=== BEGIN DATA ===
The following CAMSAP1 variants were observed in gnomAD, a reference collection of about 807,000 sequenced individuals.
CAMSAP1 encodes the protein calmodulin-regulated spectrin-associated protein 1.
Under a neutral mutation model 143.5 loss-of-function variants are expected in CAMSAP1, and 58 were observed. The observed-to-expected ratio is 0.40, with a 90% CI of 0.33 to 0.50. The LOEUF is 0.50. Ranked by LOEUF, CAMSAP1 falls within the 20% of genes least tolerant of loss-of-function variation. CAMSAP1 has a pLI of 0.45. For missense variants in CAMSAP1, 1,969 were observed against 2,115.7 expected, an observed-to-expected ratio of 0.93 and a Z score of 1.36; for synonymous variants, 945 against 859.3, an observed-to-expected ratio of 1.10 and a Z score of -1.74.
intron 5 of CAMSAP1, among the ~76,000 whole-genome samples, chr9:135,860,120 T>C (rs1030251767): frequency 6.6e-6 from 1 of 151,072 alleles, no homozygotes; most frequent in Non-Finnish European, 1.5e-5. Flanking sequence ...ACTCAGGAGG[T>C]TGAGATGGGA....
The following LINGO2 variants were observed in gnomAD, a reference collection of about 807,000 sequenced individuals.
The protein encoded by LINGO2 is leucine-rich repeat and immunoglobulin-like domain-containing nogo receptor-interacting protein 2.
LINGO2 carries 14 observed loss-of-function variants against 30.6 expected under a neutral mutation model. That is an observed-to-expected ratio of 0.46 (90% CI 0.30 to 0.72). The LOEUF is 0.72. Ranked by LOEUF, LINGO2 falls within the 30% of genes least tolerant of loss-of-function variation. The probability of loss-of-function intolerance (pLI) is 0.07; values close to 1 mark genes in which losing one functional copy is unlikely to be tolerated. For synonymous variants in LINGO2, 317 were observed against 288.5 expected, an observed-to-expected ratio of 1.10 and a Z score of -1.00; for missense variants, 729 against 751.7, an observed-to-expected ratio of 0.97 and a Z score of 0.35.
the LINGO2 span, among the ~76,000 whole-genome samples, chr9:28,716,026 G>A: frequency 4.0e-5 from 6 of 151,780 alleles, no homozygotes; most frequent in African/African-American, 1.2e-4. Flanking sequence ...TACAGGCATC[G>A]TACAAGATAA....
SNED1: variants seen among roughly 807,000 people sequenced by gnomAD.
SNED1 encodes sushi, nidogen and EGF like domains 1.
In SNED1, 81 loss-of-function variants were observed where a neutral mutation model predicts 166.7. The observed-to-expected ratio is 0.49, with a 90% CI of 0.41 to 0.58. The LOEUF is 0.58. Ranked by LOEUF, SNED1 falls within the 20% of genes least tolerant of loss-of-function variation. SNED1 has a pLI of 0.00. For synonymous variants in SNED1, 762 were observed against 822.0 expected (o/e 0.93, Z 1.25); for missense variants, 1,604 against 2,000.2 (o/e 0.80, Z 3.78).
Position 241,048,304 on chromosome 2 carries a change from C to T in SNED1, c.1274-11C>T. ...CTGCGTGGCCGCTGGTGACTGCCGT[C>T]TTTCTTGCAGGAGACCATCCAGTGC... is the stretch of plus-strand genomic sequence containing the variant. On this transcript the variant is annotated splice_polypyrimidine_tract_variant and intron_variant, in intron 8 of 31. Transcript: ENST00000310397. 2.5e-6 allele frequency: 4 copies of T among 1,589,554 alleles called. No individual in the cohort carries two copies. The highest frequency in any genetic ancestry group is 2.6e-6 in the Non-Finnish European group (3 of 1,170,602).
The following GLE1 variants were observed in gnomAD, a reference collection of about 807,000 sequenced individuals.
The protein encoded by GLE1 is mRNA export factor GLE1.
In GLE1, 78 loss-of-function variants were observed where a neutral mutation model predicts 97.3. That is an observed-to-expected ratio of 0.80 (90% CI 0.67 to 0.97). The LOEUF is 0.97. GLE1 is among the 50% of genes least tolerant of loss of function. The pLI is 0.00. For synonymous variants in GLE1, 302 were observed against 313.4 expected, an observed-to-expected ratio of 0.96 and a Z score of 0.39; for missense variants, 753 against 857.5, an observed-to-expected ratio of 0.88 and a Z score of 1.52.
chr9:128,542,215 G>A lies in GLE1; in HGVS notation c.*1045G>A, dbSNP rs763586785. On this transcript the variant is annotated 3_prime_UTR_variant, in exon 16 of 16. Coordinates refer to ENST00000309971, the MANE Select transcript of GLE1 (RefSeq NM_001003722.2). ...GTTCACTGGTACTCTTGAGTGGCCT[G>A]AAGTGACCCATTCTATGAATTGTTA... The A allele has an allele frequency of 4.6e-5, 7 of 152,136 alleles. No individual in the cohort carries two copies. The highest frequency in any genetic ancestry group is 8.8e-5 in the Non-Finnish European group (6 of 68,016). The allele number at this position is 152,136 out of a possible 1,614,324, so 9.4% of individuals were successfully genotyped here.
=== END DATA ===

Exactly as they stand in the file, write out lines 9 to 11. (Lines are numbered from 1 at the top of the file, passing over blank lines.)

SNED1: variants seen among roughly 807,000 people sequenced by gnomAD.
SNED1 encodes sushi, nidogen and EGF like domains 1.
In SNED1, 81 loss-of-function variants were observed where a neutral mutation model predicts 166.7. The observed-to-expected ratio is 0.49, with a 90% CI of 0.41 to 0.58. The LOEUF is 0.58. Ranked by LOEUF, SNED1 falls within the 20% of genes least tolerant of loss-of-function variation. SNED1 has a pLI of 0.00. For synonymous variants in SNED1, 762 were observed against 822.0 expected (o/e 0.93, Z 1.25); for missense variants, 1,604 against 2,000.2 (o/e 0.80, Z 3.78).